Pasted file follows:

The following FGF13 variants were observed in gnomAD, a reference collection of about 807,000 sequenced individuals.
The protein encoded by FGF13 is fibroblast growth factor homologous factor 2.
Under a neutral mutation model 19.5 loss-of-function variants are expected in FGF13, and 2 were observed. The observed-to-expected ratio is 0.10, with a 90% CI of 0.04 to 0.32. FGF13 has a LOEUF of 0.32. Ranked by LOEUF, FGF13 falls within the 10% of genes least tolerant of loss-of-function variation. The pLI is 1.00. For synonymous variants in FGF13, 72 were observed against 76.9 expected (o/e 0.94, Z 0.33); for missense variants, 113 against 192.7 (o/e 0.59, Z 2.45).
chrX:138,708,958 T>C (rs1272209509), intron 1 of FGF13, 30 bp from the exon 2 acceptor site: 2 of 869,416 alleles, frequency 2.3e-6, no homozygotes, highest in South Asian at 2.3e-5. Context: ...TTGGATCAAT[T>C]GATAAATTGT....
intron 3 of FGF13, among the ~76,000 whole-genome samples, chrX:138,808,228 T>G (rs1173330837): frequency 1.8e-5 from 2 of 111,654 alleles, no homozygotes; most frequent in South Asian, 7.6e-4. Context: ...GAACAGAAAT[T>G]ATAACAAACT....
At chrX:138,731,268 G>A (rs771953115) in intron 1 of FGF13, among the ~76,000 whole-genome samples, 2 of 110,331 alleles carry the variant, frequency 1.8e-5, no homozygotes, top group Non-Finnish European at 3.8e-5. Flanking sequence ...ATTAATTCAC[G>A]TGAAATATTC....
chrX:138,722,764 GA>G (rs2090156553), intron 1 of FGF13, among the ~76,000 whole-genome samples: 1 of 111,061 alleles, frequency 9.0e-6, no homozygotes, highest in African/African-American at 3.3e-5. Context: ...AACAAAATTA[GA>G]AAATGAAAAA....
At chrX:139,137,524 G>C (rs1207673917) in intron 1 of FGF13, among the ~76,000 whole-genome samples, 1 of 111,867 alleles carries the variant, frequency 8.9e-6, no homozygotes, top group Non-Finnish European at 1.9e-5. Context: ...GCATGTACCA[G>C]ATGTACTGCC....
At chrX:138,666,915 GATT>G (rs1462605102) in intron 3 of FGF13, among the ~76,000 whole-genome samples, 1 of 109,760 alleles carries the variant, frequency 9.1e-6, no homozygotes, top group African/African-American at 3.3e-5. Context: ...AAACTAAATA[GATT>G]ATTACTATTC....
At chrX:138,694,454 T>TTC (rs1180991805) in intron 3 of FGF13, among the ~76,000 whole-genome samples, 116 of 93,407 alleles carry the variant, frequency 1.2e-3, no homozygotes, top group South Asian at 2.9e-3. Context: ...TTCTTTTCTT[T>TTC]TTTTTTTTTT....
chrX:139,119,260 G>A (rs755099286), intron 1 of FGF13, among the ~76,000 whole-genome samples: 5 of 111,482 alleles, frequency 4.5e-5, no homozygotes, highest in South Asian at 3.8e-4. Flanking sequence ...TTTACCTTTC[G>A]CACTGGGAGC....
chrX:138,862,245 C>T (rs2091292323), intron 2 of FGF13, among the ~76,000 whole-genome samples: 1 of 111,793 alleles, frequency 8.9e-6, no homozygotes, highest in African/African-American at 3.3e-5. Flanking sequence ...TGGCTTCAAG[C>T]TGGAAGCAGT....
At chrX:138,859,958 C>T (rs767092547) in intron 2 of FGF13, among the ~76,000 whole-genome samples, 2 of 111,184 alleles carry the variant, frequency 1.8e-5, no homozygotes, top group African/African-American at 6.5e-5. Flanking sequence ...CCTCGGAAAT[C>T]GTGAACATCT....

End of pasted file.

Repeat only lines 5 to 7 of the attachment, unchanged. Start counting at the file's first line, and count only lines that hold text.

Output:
intron 3 of FGF13, among the ~76,000 whole-genome samples, chrX:138,808,228 T>G (rs1173330837): frequency 1.8e-5 from 2 of 111,654 alleles, no homozygotes; most frequent in South Asian, 7.6e-4. Context: ...GAACAGAAAT[T>G]ATAACAAACT....
At chrX:138,731,268 G>A (rs771953115) in intron 1 of FGF13, among the ~76,000 whole-genome samples, 2 of 110,331 alleles carry the variant, frequency 1.8e-5, no homozygotes, top group Non-Finnish European at 3.8e-5. Flanking sequence ...ATTAATTCAC[G>A]TGAAATATTC....
chrX:138,722,764 GA>G (rs2090156553), intron 1 of FGF13, among the ~76,000 whole-genome samples: 1 of 111,061 alleles, frequency 9.0e-6, no homozygotes, highest in African/African-American at 3.3e-5. Context: ...AACAAAATTA[GA>G]AAATGAAAAA....